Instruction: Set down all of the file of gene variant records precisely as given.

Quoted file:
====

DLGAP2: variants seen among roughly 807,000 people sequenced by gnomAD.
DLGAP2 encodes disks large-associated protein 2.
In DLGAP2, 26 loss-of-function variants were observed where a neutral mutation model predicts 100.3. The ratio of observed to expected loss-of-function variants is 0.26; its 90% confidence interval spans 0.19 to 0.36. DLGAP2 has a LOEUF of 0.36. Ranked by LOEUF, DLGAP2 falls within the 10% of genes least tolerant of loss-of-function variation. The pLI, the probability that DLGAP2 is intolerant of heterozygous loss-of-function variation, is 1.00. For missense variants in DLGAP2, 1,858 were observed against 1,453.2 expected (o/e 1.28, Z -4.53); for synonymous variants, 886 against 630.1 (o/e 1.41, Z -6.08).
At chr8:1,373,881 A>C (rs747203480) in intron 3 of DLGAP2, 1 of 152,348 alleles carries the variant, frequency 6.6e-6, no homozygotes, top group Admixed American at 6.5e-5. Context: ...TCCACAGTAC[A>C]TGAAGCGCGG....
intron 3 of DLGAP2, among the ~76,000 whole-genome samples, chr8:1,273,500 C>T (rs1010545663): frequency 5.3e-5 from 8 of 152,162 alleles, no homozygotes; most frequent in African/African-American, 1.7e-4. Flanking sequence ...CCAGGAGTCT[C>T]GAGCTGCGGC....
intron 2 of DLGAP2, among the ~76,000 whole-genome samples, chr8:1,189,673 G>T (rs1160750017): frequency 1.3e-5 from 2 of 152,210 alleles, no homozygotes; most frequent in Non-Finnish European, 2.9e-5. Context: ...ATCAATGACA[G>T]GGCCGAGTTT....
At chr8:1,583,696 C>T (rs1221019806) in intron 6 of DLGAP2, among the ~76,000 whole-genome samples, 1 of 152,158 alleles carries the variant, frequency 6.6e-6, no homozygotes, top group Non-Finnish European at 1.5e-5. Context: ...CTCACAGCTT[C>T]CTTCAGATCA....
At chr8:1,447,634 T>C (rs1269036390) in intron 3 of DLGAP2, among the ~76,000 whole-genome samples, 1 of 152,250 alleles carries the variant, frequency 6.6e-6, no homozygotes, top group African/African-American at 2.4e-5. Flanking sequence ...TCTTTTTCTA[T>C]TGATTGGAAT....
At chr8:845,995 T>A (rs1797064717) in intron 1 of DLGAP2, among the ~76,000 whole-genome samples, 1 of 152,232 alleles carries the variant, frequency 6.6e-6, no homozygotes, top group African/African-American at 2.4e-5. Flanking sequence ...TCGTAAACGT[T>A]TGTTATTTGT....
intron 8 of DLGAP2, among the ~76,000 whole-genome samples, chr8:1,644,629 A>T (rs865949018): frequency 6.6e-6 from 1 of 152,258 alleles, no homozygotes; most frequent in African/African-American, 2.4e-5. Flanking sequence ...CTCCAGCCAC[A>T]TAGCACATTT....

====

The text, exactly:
DLGAP2: variants seen among roughly 807,000 people sequenced by gnomAD.
DLGAP2 encodes disks large-associated protein 2.
In DLGAP2, 26 loss-of-function variants were observed where a neutral mutation model predicts 100.3. The ratio of observed to expected loss-of-function variants is 0.26; its 90% confidence interval spans 0.19 to 0.36. DLGAP2 has a LOEUF of 0.36. Ranked by LOEUF, DLGAP2 falls within the 10% of genes least tolerant of loss-of-function variation. The pLI, the probability that DLGAP2 is intolerant of heterozygous loss-of-function variation, is 1.00. For missense variants in DLGAP2, 1,858 were observed against 1,453.2 expected (o/e 1.28, Z -4.53); for synonymous variants, 886 against 630.1 (o/e 1.41, Z -6.08).
At chr8:1,373,881 A>C (rs747203480) in intron 3 of DLGAP2, 1 of 152,348 alleles carries the variant, frequency 6.6e-6, no homozygotes, top group Admixed American at 6.5e-5. Context: ...TCCACAGTAC[A>C]TGAAGCGCGG....
intron 3 of DLGAP2, among the ~76,000 whole-genome samples, chr8:1,273,500 C>T (rs1010545663): frequency 5.3e-5 from 8 of 152,162 alleles, no homozygotes; most frequent in African/African-American, 1.7e-4. Flanking sequence ...CCAGGAGTCT[C>T]GAGCTGCGGC....
intron 2 of DLGAP2, among the ~76,000 whole-genome samples, chr8:1,189,673 G>T (rs1160750017): frequency 1.3e-5 from 2 of 152,210 alleles, no homozygotes; most frequent in Non-Finnish European, 2.9e-5. Context: ...ATCAATGACA[G>T]GGCCGAGTTT....
At chr8:1,583,696 C>T (rs1221019806) in intron 6 of DLGAP2, among the ~76,000 whole-genome samples, 1 of 152,158 alleles carries the variant, frequency 6.6e-6, no homozygotes, top group Non-Finnish European at 1.5e-5. Context: ...CTCACAGCTT[C>T]CTTCAGATCA....
At chr8:1,447,634 T>C (rs1269036390) in intron 3 of DLGAP2, among the ~76,000 whole-genome samples, 1 of 152,250 alleles carries the variant, frequency 6.6e-6, no homozygotes, top group African/African-American at 2.4e-5. Flanking sequence ...TCTTTTTCTA[T>C]TGATTGGAAT....
At chr8:845,995 T>A (rs1797064717) in intron 1 of DLGAP2, among the ~76,000 whole-genome samples, 1 of 152,232 alleles carries the variant, frequency 6.6e-6, no homozygotes, top group African/African-American at 2.4e-5. Flanking sequence ...TCGTAAACGT[T>A]TGTTATTTGT....
intron 8 of DLGAP2, among the ~76,000 whole-genome samples, chr8:1,644,629 A>T (rs865949018): frequency 6.6e-6 from 1 of 152,258 alleles, no homozygotes; most frequent in African/African-American, 2.4e-5. Flanking sequence ...CTCCAGCCAC[A>T]TAGCACATTT....